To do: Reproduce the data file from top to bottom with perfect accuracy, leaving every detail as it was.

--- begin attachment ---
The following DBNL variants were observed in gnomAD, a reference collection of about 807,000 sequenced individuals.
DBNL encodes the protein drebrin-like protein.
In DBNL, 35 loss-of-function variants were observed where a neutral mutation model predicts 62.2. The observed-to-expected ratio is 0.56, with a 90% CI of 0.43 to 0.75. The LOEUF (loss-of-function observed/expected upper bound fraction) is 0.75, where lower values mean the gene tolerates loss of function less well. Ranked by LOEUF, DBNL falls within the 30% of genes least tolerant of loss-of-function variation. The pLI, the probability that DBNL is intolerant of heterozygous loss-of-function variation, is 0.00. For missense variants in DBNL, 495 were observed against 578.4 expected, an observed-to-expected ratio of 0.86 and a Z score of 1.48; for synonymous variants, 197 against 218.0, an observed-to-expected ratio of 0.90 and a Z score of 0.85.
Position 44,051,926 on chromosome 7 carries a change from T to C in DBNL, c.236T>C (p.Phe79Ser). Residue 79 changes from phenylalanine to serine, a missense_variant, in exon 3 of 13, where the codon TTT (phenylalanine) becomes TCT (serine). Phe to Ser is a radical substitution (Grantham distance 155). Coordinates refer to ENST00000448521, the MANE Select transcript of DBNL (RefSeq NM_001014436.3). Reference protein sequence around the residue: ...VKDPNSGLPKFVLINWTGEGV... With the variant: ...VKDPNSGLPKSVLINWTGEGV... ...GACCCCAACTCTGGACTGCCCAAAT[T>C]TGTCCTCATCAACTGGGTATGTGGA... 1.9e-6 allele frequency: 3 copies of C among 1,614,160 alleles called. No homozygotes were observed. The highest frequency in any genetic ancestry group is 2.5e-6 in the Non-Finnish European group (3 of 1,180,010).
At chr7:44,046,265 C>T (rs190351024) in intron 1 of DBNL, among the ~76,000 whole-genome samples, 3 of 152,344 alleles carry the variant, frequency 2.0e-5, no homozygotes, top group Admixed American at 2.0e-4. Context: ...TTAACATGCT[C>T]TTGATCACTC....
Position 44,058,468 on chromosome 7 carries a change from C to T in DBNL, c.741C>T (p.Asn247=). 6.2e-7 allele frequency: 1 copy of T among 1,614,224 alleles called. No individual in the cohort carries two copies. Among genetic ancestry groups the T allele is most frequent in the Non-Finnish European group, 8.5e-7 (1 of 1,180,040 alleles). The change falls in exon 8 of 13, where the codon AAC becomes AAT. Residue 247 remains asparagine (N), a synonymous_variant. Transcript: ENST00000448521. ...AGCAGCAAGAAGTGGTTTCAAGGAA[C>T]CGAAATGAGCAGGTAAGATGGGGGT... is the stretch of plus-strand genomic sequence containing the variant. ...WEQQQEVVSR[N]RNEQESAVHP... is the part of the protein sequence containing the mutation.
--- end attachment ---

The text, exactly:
The following DBNL variants were observed in gnomAD, a reference collection of about 807,000 sequenced individuals.
DBNL encodes the protein drebrin-like protein.
In DBNL, 35 loss-of-function variants were observed where a neutral mutation model predicts 62.2. The observed-to-expected ratio is 0.56, with a 90% CI of 0.43 to 0.75. The LOEUF (loss-of-function observed/expected upper bound fraction) is 0.75, where lower values mean the gene tolerates loss of function less well. Ranked by LOEUF, DBNL falls within the 30% of genes least tolerant of loss-of-function variation. The pLI, the probability that DBNL is intolerant of heterozygous loss-of-function variation, is 0.00. For missense variants in DBNL, 495 were observed against 578.4 expected, an observed-to-expected ratio of 0.86 and a Z score of 1.48; for synonymous variants, 197 against 218.0, an observed-to-expected ratio of 0.90 and a Z score of 0.85.
Position 44,051,926 on chromosome 7 carries a change from T to C in DBNL, c.236T>C (p.Phe79Ser). Residue 79 changes from phenylalanine to serine, a missense_variant, in exon 3 of 13, where the codon TTT (phenylalanine) becomes TCT (serine). Phe to Ser is a radical substitution (Grantham distance 155). Coordinates refer to ENST00000448521, the MANE Select transcript of DBNL (RefSeq NM_001014436.3). Reference protein sequence around the residue: ...VKDPNSGLPKFVLINWTGEGV... With the variant: ...VKDPNSGLPKSVLINWTGEGV... ...GACCCCAACTCTGGACTGCCCAAAT[T>C]TGTCCTCATCAACTGGGTATGTGGA... 1.9e-6 allele frequency: 3 copies of C among 1,614,160 alleles called. No homozygotes were observed. The highest frequency in any genetic ancestry group is 2.5e-6 in the Non-Finnish European group (3 of 1,180,010).
At chr7:44,046,265 C>T (rs190351024) in intron 1 of DBNL, among the ~76,000 whole-genome samples, 3 of 152,344 alleles carry the variant, frequency 2.0e-5, no homozygotes, top group Admixed American at 2.0e-4. Context: ...TTAACATGCT[C>T]TTGATCACTC....
Position 44,058,468 on chromosome 7 carries a change from C to T in DBNL, c.741C>T (p.Asn247=). 6.2e-7 allele frequency: 1 copy of T among 1,614,224 alleles called. No individual in the cohort carries two copies. Among genetic ancestry groups the T allele is most frequent in the Non-Finnish European group, 8.5e-7 (1 of 1,180,040 alleles). The change falls in exon 8 of 13, where the codon AAC becomes AAT. Residue 247 remains asparagine (N), a synonymous_variant. Transcript: ENST00000448521. ...AGCAGCAAGAAGTGGTTTCAAGGAA[C>T]CGAAATGAGCAGGTAAGATGGGGGT... is the stretch of plus-strand genomic sequence containing the variant. ...WEQQQEVVSR[N]RNEQESAVHP... is the part of the protein sequence containing the mutation.